Apparently it wasn't entirely clear that I was joking. (Sort of). Yes, I know that parts of speech aren't irrelevant "Alienvoord," however thank you very much for reminding us all.

And Donna, that's very funny. I'll have to share it with my kids.

Oh, and P.S. Some of my favorite essay titles from last weekend:

"The Importance of Killing a Mockingbird"

"The Prejudice of the Mockingbird"

"How to Kill a Mockingbird"

"A Big Ole Earful on the Mockingbird"

Blogger JMW said...

Don't be so hard on yourself. Assemblage is a perfectly legitimate word.

Skeptimistic, though...hmmm.

Blogger Mrs. White said...

It's true that assemblage can be legitimate, but not the way I like to use it.

And I happen to like skeptimistic very much, JMW. What other words do such an efficient job of conveying the feeling of being both pessimistic and skeptical all at once? None that I know, anyway.

Blogger Wife said...

Oooh. My students would definitely second the abolition of apostrophes. I see more of "wont" and "cant" than I can handle. And seriously? The number of seniors I have who don't get our/are and their/there/they're is sickening.

While you're thinking of adding words, I'd like you to consider "ept" as well... I mean, you can be inept, why can't you be ept? (Also, I love the word fuckwit. It's the Anglophile in me.)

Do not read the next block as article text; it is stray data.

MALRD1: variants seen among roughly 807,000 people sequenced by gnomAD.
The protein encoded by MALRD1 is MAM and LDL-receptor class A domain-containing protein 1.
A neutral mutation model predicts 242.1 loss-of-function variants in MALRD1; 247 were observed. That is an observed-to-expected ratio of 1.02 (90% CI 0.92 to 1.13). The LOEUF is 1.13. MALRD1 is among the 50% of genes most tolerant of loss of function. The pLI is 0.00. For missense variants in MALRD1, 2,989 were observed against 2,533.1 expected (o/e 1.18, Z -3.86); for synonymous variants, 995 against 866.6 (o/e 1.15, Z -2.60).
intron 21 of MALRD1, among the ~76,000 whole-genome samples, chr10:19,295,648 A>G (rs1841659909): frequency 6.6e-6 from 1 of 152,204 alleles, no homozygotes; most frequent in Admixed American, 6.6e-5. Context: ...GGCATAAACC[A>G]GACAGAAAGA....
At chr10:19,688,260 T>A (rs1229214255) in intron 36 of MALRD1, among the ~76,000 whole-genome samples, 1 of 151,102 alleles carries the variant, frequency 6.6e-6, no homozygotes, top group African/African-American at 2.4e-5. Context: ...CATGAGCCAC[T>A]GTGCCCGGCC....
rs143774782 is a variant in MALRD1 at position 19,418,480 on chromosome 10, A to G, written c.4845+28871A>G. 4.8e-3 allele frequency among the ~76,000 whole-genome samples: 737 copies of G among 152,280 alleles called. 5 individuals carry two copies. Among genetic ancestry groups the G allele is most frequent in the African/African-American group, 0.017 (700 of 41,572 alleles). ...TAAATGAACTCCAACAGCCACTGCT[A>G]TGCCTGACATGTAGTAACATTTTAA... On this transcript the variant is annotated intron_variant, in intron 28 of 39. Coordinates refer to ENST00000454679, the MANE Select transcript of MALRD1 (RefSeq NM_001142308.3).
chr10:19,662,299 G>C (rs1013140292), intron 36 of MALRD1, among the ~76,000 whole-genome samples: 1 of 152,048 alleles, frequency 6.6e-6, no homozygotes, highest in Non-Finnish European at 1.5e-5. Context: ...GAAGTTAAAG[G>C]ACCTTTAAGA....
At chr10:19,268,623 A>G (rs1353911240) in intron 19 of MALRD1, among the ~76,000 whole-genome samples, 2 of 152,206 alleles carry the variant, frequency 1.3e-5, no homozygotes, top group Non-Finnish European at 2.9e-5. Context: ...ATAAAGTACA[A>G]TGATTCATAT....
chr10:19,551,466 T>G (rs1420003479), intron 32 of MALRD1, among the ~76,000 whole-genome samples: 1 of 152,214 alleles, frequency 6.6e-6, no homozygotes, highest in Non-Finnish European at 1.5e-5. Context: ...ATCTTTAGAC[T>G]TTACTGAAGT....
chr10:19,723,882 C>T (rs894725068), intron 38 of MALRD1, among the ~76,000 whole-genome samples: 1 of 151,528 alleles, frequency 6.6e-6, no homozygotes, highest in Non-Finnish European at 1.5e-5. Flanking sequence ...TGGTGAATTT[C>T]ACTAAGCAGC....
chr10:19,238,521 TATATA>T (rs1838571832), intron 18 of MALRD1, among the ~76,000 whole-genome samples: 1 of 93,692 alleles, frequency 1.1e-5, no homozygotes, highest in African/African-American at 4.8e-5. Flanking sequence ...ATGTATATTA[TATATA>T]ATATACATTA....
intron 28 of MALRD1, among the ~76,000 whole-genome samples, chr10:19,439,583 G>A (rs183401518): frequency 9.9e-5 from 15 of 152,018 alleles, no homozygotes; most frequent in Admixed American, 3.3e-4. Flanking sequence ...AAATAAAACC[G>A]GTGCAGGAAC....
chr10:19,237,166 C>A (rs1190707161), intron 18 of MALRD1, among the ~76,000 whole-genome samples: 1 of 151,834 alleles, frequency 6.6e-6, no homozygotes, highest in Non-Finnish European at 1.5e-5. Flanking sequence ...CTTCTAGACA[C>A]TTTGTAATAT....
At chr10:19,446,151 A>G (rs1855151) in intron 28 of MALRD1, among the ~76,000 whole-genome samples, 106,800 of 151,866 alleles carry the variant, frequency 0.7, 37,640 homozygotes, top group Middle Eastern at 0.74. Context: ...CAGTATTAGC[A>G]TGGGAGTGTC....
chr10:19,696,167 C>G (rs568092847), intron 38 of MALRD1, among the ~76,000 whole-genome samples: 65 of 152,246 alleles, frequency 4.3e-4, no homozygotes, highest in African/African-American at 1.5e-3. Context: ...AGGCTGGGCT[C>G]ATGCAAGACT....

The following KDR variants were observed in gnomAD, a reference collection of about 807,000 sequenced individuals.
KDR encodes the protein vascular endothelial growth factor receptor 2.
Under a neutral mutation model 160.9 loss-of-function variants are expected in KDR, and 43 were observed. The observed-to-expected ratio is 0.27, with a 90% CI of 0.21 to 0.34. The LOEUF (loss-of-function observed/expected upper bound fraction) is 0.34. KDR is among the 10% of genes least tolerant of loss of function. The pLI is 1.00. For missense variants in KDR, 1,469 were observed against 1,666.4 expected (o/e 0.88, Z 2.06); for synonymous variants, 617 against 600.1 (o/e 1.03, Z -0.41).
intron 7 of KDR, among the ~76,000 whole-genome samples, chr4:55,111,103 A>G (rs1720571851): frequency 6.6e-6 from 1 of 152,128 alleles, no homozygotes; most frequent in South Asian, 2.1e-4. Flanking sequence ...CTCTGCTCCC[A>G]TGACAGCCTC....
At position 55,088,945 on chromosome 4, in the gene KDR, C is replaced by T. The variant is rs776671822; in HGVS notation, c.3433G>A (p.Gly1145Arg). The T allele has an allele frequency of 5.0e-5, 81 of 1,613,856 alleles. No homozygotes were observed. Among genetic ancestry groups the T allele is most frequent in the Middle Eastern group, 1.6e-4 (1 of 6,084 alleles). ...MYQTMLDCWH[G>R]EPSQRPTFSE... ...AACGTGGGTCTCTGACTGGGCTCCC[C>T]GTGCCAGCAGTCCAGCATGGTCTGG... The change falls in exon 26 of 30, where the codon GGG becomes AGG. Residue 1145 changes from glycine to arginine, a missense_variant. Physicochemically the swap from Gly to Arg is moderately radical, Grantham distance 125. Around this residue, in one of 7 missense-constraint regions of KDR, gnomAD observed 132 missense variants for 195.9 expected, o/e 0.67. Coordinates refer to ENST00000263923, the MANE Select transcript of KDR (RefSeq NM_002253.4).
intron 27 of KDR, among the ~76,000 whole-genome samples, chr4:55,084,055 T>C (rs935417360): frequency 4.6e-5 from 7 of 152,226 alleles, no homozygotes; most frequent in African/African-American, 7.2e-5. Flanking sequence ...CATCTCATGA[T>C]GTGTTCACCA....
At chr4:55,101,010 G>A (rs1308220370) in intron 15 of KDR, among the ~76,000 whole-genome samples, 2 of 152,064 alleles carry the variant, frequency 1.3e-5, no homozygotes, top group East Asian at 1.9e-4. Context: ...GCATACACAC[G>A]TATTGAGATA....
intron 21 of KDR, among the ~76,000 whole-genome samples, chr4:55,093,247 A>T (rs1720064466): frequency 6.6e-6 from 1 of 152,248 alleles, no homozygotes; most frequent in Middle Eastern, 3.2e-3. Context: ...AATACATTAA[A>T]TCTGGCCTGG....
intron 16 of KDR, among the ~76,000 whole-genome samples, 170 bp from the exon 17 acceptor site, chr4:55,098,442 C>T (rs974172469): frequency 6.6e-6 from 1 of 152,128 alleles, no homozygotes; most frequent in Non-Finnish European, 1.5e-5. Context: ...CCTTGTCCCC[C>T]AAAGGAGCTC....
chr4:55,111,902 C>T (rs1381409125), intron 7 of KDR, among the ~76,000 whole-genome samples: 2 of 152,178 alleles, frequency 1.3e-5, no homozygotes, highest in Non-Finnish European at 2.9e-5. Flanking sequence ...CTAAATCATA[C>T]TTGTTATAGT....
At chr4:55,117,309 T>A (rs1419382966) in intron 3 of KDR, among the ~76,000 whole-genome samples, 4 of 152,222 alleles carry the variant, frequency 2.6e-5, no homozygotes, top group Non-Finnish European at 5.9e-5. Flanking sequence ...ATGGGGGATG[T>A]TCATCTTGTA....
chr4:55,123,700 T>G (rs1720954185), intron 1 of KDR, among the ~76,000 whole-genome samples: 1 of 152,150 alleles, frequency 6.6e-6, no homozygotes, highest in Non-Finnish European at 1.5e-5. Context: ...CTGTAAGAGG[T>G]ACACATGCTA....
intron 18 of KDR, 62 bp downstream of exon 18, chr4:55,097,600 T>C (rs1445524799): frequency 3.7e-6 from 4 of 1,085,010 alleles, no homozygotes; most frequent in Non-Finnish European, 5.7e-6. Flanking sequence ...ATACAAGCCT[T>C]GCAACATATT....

Blogger JMW said...

One thing that's bugged me for a long time, because I'm a giant nerd, is that there's no adjectival form of the word "integrity." Integruous? Integriful? I'm not sure what it should be (all of the options are pretty ugly, I guess), but I often find myself wanting to use that word and I can't.

Blogger Mrs. White said...

I asked my kid who likes to make up his own words, and he said that the adjectival form of "integrity" is "integrituvial." (I'm not sure I'm spelling it correctly, however.)

And I really like the word "adjectival," by the way. I'll have to work that into daily conversation more often.

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Blogger john peter said...

I really like the word "adjectival," by the way. I'll have to work that into daily conversation more often.